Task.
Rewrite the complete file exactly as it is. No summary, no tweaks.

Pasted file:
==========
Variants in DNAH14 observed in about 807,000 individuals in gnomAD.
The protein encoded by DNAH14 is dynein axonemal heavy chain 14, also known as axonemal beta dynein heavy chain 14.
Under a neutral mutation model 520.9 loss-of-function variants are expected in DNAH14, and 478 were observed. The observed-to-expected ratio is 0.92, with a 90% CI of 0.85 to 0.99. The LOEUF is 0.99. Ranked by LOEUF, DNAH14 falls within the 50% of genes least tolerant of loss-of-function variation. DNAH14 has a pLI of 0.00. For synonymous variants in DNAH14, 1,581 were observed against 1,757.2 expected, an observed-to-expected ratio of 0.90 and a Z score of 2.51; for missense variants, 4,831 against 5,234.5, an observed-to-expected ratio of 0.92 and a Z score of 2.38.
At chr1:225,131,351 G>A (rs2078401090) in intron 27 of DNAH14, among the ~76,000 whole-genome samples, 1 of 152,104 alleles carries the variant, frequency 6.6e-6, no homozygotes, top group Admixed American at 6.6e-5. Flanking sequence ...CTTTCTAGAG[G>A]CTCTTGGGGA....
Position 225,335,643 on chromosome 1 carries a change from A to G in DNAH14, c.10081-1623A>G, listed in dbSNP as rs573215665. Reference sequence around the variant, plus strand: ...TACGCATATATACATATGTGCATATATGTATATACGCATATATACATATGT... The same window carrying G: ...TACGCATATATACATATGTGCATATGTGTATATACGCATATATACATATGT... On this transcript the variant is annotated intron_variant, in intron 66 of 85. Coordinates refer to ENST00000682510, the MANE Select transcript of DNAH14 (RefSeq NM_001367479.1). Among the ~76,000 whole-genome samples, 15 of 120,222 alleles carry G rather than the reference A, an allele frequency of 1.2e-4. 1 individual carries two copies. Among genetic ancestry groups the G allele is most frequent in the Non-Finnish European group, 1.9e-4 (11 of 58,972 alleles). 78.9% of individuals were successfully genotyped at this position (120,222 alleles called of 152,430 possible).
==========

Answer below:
Variants in DNAH14 observed in about 807,000 individuals in gnomAD.
The protein encoded by DNAH14 is dynein axonemal heavy chain 14, also known as axonemal beta dynein heavy chain 14.
Under a neutral mutation model 520.9 loss-of-function variants are expected in DNAH14, and 478 were observed. The observed-to-expected ratio is 0.92, with a 90% CI of 0.85 to 0.99. The LOEUF is 0.99. Ranked by LOEUF, DNAH14 falls within the 50% of genes least tolerant of loss-of-function variation. DNAH14 has a pLI of 0.00. For synonymous variants in DNAH14, 1,581 were observed against 1,757.2 expected, an observed-to-expected ratio of 0.90 and a Z score of 2.51; for missense variants, 4,831 against 5,234.5, an observed-to-expected ratio of 0.92 and a Z score of 2.38.
At chr1:225,131,351 G>A (rs2078401090) in intron 27 of DNAH14, among the ~76,000 whole-genome samples, 1 of 152,104 alleles carries the variant, frequency 6.6e-6, no homozygotes, top group Admixed American at 6.6e-5. Flanking sequence ...CTTTCTAGAG[G>A]CTCTTGGGGA....
Position 225,335,643 on chromosome 1 carries a change from A to G in DNAH14, c.10081-1623A>G, listed in dbSNP as rs573215665. Reference sequence around the variant, plus strand: ...TACGCATATATACATATGTGCATATATGTATATACGCATATATACATATGT... The same window carrying G: ...TACGCATATATACATATGTGCATATGTGTATATACGCATATATACATATGT... On this transcript the variant is annotated intron_variant, in intron 66 of 85. Coordinates refer to ENST00000682510, the MANE Select transcript of DNAH14 (RefSeq NM_001367479.1). Among the ~76,000 whole-genome samples, 15 of 120,222 alleles carry G rather than the reference A, an allele frequency of 1.2e-4. 1 individual carries two copies. Among genetic ancestry groups the G allele is most frequent in the Non-Finnish European group, 1.9e-4 (11 of 58,972 alleles). 78.9% of individuals were successfully genotyped at this position (120,222 alleles called of 152,430 possible).